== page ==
How do we pray the Psalms?
Orthodoxy has many standard prayers that can be used by the faithful when we pray at home and Church. Such standard prayers include the Psalms, God’s own ”Prayer Book”. The Psalms teach us how, what and when to pray. When we recite them prayerfully and with faith, God speaks and enlightens us in accordance with our individual needs and circumstances. Further, the Psalms gradually become a part of our own daily lives when committed to memory by constant repetition and studied in their context to the rest of the Bible with the aid of commentaries by Church Fathers.
For an Orthodox Christian however, the danger is not to let the daily reading of the Psalms become something impersonal that stops us from establishing a real relationship with God. Rather, the daily reading of the Psalms should act as a launch pad into a life of ceaseless prayer where we are completely immersed in Christ.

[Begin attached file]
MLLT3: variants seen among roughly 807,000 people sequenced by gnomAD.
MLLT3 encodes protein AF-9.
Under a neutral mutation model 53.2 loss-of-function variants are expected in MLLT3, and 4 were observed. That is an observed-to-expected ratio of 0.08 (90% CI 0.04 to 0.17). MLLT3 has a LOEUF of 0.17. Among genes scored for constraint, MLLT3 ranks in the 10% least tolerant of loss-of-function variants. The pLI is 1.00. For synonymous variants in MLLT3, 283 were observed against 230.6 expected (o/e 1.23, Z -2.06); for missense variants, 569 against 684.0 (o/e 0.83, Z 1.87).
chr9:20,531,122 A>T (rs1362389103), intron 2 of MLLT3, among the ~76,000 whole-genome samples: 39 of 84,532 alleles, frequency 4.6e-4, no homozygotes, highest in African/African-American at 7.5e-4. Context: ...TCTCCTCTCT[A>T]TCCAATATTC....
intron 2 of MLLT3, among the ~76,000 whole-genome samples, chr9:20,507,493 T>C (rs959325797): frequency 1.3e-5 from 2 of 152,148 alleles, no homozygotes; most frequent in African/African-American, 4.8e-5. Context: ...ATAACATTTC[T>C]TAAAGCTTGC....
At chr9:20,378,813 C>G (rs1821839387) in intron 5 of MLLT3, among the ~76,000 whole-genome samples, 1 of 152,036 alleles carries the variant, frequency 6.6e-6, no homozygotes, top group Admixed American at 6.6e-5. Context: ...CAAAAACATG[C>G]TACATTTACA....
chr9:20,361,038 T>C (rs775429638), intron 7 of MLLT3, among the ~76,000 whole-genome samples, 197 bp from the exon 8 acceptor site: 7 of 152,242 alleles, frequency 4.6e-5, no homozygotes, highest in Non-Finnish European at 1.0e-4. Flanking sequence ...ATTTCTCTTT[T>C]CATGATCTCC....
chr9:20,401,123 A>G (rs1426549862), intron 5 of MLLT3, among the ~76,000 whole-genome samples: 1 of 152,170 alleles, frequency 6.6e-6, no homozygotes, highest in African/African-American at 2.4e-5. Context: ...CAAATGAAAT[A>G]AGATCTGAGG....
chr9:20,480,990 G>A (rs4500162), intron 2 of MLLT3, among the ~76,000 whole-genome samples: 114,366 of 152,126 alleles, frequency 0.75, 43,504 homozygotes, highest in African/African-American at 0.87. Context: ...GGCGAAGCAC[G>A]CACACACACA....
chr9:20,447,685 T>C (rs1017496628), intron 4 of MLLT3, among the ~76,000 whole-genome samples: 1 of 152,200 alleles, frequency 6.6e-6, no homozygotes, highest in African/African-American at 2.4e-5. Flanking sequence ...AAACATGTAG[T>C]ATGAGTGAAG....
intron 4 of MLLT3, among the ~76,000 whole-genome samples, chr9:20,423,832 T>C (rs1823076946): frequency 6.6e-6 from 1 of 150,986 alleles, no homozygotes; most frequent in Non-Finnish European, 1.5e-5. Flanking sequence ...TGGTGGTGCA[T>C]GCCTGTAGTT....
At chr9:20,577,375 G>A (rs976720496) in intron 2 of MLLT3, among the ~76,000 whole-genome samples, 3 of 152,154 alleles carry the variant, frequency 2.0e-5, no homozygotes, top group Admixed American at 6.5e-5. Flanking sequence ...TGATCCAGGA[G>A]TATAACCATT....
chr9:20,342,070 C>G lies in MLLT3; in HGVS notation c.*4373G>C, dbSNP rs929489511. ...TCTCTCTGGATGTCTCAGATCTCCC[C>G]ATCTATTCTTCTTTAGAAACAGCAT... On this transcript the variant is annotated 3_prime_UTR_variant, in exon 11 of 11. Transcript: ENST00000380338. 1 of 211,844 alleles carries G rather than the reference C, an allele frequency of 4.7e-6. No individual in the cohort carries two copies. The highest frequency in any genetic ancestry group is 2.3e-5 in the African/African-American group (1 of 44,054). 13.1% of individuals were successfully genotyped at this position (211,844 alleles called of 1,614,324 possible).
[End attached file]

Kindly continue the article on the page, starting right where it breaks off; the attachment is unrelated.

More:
According to St Athanasios the Great, praying the Psalms engages us in a continuous encounter and conversation with our Lord Jesus Christ. We find ourselves constantly invoking His “great and awesome name” or requesting that the light of His face should shine upon us (Psalm 67:1). We find ourselves regularly joining in with His prayers offered “on behalf of humanity” or making our own calls upon His mercy, His salvation or His deliverance.
The Psalms can also be viewed Christologically, that is, seeing in the Psalms clear references to Jesus Christ. For example, Psalm 22 is a foreshadowing of the Passion and therefore the words, “Protect me, O Lord, for in you did I hope”, constitute a prayer of Christ Himself to the Father.
The praying of the Psalms should be done with the realisation that we are standing before God and are in His very presence. Though it may not seem like we are praying or asking the Lord for anything, in fact we are. The act of standing in His presence and reading His Word is prayer itself.
Source: August-September 2015 Lychnos Edition